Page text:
Why is interoperability such a tricky issue in the public sector? How successfully did the UK deal with it through gov.uk? How much of your time did such issues take up at DEFRA in the context of Brexit readiness?

Gov.uk was quite successful in creating that single point of entry to digital public services for all UK citizens. And of course GDS was successful in a few other areas too, for example changing the approach to IT procurement, supporting the move to more digital and data driven teams and delivering common cross-government IT platforms.

However, departments have their own challenges and outcomes to deliver and, of course, are funded separately from each other, and this sometimes results in a siloed approach to digital transformation. At the same time I do not think a single, central, large IT function is the answer. In my opinion the right approach is to bring IT functions together and plan that interoperability in the medium to long term. Some of that was already in place when I was in DEFRA and was quite successful. Some of our systems, for example, interfaced with systems from other departments and we had working groups that owned the interfaces and their roadmaps to ensure that as systems changed, the interfaces continued to work.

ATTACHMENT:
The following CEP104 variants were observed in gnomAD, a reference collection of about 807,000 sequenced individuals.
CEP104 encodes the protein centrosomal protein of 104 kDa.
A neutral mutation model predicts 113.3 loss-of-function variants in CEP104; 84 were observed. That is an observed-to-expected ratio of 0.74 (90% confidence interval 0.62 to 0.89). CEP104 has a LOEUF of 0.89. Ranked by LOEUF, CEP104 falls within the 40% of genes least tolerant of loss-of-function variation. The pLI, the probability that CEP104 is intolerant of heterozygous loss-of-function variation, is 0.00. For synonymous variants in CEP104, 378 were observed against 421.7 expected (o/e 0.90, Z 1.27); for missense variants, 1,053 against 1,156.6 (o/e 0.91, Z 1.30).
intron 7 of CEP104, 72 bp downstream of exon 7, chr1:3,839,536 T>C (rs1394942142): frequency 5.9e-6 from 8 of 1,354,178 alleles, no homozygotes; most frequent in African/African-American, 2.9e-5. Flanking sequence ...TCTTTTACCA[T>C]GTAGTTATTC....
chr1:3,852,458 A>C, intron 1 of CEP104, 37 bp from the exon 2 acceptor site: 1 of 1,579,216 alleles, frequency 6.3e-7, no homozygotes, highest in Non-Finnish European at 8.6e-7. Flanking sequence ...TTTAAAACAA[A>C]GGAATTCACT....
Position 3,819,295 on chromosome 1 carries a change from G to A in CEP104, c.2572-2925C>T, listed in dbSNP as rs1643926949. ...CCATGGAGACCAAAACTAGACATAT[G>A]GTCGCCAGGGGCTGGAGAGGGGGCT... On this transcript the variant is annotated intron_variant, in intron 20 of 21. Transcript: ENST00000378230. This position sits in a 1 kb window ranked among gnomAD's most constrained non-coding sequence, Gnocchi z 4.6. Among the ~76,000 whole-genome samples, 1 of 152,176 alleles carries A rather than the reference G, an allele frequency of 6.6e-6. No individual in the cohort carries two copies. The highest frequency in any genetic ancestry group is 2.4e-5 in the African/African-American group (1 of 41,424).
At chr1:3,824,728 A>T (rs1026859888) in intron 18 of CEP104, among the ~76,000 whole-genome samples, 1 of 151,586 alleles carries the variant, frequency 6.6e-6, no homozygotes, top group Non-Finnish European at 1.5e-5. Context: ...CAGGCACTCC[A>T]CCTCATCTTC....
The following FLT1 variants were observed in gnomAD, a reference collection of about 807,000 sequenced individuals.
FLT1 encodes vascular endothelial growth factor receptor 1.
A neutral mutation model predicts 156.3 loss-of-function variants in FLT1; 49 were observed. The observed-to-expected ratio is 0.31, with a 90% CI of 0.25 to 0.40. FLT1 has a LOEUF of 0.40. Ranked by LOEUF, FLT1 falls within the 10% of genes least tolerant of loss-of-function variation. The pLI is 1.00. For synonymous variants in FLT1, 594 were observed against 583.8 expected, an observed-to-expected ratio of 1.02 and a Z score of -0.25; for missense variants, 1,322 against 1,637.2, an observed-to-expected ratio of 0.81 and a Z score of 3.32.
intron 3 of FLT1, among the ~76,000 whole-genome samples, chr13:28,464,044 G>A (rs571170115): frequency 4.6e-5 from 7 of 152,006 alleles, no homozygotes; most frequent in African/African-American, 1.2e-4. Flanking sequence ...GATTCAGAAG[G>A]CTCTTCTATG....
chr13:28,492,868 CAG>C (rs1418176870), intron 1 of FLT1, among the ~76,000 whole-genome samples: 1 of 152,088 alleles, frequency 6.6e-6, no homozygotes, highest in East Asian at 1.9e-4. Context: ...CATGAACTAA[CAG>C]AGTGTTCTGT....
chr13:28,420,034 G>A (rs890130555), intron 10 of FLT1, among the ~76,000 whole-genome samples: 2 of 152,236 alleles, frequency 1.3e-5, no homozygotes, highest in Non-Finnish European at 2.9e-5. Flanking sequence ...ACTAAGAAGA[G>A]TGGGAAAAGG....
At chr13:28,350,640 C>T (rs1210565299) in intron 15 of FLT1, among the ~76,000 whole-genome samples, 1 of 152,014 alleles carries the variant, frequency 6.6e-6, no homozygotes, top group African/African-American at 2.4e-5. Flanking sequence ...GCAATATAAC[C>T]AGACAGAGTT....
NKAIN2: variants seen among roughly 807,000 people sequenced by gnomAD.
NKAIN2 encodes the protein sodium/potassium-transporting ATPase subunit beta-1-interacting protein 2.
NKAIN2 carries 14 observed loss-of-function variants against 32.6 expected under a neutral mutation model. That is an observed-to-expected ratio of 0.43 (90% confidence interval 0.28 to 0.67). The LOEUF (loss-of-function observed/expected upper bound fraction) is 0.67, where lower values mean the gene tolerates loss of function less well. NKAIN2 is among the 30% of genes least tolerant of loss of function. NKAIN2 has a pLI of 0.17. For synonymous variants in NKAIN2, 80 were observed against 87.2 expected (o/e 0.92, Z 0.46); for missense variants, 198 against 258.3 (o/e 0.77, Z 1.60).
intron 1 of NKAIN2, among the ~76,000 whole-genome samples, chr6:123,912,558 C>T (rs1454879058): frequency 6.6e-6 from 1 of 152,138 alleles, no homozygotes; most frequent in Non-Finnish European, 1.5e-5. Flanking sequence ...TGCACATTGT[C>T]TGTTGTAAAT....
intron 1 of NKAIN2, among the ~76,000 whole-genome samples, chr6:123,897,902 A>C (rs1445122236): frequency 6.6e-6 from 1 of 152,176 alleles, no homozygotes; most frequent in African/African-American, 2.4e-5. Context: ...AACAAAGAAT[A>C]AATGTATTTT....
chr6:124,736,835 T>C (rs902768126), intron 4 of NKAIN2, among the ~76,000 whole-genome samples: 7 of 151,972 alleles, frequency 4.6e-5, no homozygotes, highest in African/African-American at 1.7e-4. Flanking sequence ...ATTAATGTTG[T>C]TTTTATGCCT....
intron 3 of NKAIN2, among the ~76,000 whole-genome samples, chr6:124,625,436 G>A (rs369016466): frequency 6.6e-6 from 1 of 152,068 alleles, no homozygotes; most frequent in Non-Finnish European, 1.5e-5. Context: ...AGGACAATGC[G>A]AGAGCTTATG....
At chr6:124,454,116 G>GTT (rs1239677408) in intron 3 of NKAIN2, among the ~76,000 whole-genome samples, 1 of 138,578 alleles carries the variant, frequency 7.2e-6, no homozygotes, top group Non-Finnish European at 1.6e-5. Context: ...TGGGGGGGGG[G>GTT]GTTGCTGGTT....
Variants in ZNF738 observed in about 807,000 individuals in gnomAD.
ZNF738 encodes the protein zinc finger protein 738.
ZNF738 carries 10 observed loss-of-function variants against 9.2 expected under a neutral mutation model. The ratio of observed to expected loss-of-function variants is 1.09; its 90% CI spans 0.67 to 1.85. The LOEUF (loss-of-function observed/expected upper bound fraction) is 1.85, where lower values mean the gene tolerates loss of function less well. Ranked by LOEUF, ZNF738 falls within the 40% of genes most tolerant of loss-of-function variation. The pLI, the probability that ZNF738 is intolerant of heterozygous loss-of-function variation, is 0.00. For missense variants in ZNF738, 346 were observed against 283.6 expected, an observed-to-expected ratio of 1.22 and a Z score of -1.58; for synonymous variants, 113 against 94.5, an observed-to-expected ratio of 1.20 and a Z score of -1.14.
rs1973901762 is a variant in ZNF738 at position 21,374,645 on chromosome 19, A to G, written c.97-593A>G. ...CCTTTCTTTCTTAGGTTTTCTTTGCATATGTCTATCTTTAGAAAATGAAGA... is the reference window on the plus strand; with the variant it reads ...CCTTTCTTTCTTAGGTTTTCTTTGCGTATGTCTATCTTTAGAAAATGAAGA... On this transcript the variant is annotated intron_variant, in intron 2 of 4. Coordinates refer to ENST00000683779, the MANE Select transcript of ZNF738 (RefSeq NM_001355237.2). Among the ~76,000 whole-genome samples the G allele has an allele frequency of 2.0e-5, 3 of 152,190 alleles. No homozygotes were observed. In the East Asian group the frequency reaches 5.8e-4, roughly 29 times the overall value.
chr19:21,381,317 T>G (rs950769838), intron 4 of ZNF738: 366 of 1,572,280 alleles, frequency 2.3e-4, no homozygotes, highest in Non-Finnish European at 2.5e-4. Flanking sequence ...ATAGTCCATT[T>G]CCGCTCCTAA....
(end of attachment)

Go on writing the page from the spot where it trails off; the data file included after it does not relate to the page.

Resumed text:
In the context of Brexit, we had the challenge of having to plan for all exit scenarios and deliver at pace. That meant our main priority was to put in place what we called Minimum Viable Products (MVP) in time for the original Brexit date of March 2019, but also have a backlog of improvements for the future. One of the big challenges was the interfaces between systems and platforms that were all still in a design phase and would all go live at the same time. In DEFRA we had to build 11 new systems from scratch in 18 months to support Brexit. But we tried not to cut corners. Some of these 11 systems were foundational, including a reference data service, a new warehouse, data integration layers to name a few. So we were designing and building the foundations of the house at the same time as the house was being built on top. We had to get all the interfaces absolutely right and we also had to get our interfaces with other departmental systems right. That is where those working groups came in handy.